Usagi (San Mateo, CA)

7:30:00 AM

Eastern Meets Western: A Look Into a Family-Styled Yoshoku Restaurant


Yoshoku: Simply known as Westernized Japanese Cuisine. I believe it started way back in the Meiji Restoration period when Japan opened up their country to the Western civilization. They adapted a lot of the cooking techniques, flavors and dishes, but also altered it so that it fitted the Japanese palette. Nowadays, Yoshoku is as Japanese as ramen, sushi and yakitori.

Dishes that fall into this category include: Omurice, Tonkatsu, Gratin, Napolitan, Hamburger (Japanese style), Curry, Hiyashi Rice, Korokke and more.

For the most part, you can find most yoshoku-type of cuisine being served in family restaurants in Japan. Think Denny’s and IHOP type of vibe, but with a Yoshoku menu and less drunk people.

In the Bay Area, Japanese family-style restaurants are rare. Sure, we have a bunch of ramen shops, curry houses, izakayas and sushi restaurants, but family-style it’s like trying to capture a rare pokemon, but you keep running into Rattata. Whereas ramen is more like trying to walk past a certain area, but you keep running into Pidgeys. That's YOU, RAMEN! But that's... another story.

So when PC and I finished our zombie adventure back in August, we decided to try out Usagi for a light dinner. Located in downtown San Mateo (not too far away from the Bart Station), Usagi sits in this tiny little plaza with a parking lot that fits about 10 cars (if you’re lucky). If I remember correctly, there’s a liquor store or perhaps a convenience store in that plaza along with an izakaya.



Usagi, like its namesake is adorned with bunny ornaments, logos and photos all over the restaurant. It isn’t so blatantly obvious that it’ll make you cringe, but it’s the subtle touches chopsticks, menu, parfaits (bunny cookies, ftw!), and more. You’ll first notice it when you step up to the entrance of the restaurant and they have a bunny placard hanging on the door telling you it’s open.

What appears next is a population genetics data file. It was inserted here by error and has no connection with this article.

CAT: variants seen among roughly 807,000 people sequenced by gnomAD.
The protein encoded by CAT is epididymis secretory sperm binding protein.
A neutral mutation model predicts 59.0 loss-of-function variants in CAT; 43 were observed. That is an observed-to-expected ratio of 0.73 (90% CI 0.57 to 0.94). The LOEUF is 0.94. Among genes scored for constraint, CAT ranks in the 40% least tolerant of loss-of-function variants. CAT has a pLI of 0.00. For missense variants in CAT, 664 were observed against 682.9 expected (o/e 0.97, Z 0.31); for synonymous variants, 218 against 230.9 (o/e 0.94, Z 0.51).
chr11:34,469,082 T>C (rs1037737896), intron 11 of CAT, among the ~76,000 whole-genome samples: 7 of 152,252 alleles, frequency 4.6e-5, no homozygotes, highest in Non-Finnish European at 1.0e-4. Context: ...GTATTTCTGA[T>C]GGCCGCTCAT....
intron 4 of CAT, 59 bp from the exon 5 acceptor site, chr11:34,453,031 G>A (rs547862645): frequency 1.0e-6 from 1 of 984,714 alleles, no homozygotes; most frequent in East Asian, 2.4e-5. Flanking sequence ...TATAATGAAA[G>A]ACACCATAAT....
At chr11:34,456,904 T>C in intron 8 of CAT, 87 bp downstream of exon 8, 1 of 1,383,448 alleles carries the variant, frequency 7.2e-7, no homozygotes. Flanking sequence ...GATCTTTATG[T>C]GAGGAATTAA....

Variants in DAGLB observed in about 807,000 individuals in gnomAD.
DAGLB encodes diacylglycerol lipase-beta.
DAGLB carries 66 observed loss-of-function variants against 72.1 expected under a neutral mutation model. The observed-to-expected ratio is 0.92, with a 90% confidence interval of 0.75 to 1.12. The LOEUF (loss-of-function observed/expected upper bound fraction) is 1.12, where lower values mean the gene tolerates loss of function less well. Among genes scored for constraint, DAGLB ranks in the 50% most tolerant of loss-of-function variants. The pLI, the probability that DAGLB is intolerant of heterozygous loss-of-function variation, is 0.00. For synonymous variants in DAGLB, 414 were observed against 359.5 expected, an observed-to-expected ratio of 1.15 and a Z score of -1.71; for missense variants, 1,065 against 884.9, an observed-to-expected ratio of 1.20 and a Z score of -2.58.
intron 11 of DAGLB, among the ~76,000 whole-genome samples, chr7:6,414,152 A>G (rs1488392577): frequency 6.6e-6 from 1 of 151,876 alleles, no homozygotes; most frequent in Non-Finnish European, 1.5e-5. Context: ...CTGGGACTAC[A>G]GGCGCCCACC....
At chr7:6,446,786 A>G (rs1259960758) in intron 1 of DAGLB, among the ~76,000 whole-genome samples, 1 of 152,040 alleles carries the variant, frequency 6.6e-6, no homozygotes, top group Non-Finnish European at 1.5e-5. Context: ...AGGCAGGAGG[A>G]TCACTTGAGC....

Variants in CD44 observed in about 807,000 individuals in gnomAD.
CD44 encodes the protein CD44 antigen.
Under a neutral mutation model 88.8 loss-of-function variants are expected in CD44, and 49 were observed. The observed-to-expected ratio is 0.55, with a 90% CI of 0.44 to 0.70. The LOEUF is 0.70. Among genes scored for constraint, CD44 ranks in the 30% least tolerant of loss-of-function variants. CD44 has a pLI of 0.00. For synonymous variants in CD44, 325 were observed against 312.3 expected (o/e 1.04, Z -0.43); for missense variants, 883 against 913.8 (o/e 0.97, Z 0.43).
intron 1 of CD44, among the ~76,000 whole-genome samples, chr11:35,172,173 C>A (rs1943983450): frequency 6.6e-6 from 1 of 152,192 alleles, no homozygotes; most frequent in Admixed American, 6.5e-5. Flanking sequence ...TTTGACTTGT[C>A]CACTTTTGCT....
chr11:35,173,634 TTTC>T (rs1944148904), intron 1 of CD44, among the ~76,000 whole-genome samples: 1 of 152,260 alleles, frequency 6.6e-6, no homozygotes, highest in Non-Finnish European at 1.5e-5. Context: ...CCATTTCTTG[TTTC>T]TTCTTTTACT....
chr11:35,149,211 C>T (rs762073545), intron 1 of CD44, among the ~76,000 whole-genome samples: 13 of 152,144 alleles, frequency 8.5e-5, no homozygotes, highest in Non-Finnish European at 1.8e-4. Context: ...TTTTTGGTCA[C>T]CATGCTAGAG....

Step inside and you’re greeted by a quaint little restaurant that reminds you more of a cafe than a restaurant. 

In essence, it reminds me of the ones you might find in an idyllic slice-of-life manga setting where all the main characters hang out at the restaurant after school or work and talk about their day. One of them is eating a parfait, one is waving his ebi-fry around and the other dipped the spoon she used to eat her curry into the other character's parfait. 

[ end dream sequence ] 


RIGHT, back to the important things... like Reality


Their menu have a lot of dishes you would expect in a family-style restaurant, but they also have a special menu for tapas. Fair warning, their tapas are really tapas, as in there’s not much (as delicious as it was).



For appetizer, we started with the salmon sashimi. Slices of salmon rested on a bed of shredded daikon and topped with salmon roe. A dollop of wasabi is left on the side for your own personal preference when enjoying the dish. I personally found the taste very clean and it was a nice way to start off the meal after eating two pieces of macarons at Chantal Guillon not too long ago.